What gets kids more excited about Halloween – the costumes or the candy? You can bet it’s all the unlimited sweet treats they get! The spooky, creepy holiday will be here before you know it. Make this Halloween extra special this year by making homemade candy. You know exactly what is in these terrific treats – and that’s no trick. Homemade candy is not as hard as you think to pull off and the results are – well, pretty sweet.
For those who are new to candy making, we have a couple tried and true tips to get you started and a few hard candy recipes to tempt you. You can even include older kids in the fun. Just be careful because cooked sugar syrup can cause severe burns. Always make sure an adult is in charge when making homemade candy.
How To Use a Candy Thermometer
This essential tool to the candy making process is actually quite easy to use. In Imperial Sugar’s 1930 vintage cookbook, A Bag Full of Recipes, we learn to first place the thermometer in the syrup. Cover the bulb of the thermometer and do not let the bulb rest on the bottom of the pot. When reading the thermometer, be sure to get on eye level if it’s not digital. The candy thermometer temperature corresponds to the cold water test used for sugar syrup. Note: A new candy thermometer should be treated according to manufacturer’s instructions before first usage.
How To Perform a Cold Water Test
You can tell when your candy is done by performing a cold water test. This is fairly accurate for an experienced candy maker, but is best used in combination with the thermometer for the most accurate results.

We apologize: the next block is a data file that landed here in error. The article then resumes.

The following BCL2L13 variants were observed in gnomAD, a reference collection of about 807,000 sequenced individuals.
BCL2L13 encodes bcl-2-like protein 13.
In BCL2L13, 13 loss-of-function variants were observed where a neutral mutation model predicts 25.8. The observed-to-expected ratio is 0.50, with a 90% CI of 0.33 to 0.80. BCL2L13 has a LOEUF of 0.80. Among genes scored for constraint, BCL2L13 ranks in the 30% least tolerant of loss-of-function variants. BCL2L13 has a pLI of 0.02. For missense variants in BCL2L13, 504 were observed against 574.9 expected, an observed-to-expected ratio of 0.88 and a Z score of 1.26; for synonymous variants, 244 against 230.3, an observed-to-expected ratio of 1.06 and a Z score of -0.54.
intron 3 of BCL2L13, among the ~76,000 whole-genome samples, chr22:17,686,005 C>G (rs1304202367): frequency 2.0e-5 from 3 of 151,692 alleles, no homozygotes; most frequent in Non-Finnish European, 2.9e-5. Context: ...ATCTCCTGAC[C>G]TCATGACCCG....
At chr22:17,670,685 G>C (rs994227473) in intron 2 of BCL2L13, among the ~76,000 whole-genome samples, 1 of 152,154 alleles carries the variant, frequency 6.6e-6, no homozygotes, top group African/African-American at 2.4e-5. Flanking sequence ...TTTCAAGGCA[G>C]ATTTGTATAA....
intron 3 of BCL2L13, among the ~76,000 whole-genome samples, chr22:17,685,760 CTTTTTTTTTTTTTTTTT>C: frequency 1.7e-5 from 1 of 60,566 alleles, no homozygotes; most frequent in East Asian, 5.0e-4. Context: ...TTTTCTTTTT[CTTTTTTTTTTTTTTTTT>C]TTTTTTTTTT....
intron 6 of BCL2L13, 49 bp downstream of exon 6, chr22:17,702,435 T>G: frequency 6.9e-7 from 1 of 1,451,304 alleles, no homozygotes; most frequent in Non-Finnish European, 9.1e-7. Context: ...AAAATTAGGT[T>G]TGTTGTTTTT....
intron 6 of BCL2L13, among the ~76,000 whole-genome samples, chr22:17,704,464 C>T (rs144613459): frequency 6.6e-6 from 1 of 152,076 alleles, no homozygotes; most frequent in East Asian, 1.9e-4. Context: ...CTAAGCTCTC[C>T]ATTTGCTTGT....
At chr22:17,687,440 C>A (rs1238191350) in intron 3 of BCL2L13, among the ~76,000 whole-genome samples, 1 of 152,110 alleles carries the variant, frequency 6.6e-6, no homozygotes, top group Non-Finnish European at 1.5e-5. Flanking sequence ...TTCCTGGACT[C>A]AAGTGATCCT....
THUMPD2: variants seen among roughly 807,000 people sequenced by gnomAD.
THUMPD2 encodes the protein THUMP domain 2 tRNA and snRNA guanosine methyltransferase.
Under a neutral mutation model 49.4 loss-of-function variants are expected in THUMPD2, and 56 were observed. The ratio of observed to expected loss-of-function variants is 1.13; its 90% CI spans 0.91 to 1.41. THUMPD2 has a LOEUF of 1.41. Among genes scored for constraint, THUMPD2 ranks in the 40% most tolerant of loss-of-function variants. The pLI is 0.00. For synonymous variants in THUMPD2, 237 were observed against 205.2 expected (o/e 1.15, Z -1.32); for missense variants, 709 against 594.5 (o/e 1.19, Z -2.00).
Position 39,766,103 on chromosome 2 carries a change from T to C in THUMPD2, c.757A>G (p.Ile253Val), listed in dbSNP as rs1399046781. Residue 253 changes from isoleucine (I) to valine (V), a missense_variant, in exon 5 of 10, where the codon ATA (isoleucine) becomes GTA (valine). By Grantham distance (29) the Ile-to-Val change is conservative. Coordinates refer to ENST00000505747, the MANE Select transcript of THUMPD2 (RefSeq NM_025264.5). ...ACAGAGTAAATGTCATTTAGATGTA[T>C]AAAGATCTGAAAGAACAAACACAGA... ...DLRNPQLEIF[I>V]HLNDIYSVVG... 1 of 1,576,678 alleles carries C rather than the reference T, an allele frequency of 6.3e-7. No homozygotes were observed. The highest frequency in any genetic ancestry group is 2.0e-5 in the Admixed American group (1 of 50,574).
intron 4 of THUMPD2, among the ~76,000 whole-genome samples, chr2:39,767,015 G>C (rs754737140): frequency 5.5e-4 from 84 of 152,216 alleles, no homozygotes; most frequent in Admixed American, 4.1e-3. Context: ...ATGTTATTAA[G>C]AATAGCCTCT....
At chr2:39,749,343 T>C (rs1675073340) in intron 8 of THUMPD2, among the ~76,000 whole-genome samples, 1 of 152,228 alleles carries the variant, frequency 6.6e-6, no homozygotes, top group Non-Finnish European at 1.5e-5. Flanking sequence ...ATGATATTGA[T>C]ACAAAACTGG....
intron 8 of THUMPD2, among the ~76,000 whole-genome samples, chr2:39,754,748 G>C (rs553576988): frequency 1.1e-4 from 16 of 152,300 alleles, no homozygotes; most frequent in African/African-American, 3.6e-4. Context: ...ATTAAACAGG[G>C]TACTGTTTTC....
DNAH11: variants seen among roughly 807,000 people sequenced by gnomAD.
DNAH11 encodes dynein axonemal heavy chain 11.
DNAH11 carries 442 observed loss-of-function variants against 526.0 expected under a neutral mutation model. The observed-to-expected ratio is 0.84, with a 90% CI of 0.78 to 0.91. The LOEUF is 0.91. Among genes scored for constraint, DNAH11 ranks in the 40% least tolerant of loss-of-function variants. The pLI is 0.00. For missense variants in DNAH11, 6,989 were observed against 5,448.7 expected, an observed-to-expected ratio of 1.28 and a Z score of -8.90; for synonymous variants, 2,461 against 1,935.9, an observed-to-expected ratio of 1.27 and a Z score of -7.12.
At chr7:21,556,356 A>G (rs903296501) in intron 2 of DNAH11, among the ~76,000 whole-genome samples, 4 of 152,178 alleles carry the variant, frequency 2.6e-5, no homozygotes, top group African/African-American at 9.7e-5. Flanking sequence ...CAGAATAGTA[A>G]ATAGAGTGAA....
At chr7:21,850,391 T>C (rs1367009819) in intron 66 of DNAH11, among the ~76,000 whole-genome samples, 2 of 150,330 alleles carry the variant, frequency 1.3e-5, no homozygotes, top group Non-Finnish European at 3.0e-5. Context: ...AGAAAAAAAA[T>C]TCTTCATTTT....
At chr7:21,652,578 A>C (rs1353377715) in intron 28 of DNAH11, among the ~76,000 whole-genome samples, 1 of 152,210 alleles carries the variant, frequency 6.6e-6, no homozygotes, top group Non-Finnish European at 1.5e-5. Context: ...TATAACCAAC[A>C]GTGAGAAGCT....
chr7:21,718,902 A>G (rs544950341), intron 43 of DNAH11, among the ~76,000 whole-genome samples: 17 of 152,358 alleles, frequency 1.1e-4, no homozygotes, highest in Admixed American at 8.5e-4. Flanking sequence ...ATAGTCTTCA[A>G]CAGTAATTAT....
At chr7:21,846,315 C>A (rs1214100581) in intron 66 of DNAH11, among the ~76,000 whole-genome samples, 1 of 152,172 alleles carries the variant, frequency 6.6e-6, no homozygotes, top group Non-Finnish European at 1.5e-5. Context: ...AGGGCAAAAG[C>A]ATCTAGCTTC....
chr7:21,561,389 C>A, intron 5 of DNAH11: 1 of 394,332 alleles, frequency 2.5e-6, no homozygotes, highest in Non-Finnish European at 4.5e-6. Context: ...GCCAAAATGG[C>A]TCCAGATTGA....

The process described in Sue’s Candy Kettle and Some of Her Success Secrets, an Imperial Sugar cookbook from 1951, still holds true for candy makers today. Start by filling a cup or small bowl with cold water; then drop in about one-half teaspoon of the boiling candy syrup. Form the syrup into a ball under the water. Pick up the ball to judge its consistency as to the stage of cooking:
- Soft Ball – syrup may be formed into soft ball under water but loses shape when removed. Consistency for fondant and fudges is 234 – 240 degrees F under normal conditions. For higher altitudes, add 22-23 degrees F to the temperature of boiling water.
- Firm Ball – Syrup may be formed into ball which retains shape for several seconds when removed from water and then flattens out. Consistency for caramels is 240-245 degrees F under normal conditions. For higher altitudes, add 28-33 degrees F to the temperature of boiling water.
- Hard Ball – Syrup may be formed into a hard ball which retains its shape and may be rolled around on an oiled surface. Consistency for taffy is 245-258 degrees F under normal conditions. For higher altitudes, add 33-43 degrees F to the temperature of boiling water.
- Crack – Syrup separates into threads when it strikes the water and is difficult to form into a ball. These threads are hard, chewy and stick to teeth. Consistency for brittles is 262-300 degrees F under normal conditions. For higher altitudes, add 50-80 degrees F to the temperature of boiling water.
We highlighted a couple of our favorite homemade hard candies to tempt you, but you will find 130 candy recipes of all types on our website.
Copycat Watermelon Jolly Ranchers® – Love Watermelon Jolly Ranchers? Here’s a copycat version you can make at home.
Sour Lemon Drops – Sweet and tart, these classic Sour Lemon Drop candies are a treat that never gets old.
Sour Orange Drops – Fun to make and most addicting. Food coloring is completely optional. The pictured orange drops were made without.
Rock Candy – Put your budding scientist to work making these rock sugar candy sticks. Sugar crystals grow right before their eyes, and the results are delicious.
Homemade Bubble Gum – Skip the stores and make your own homemade bubble gum. We made traditional pink bubble gum with strawberry flavor, but you can get creative with many different flavors and colors in time to be blowing bubbles for Halloween.
What is your favorite type of homemade candy to make?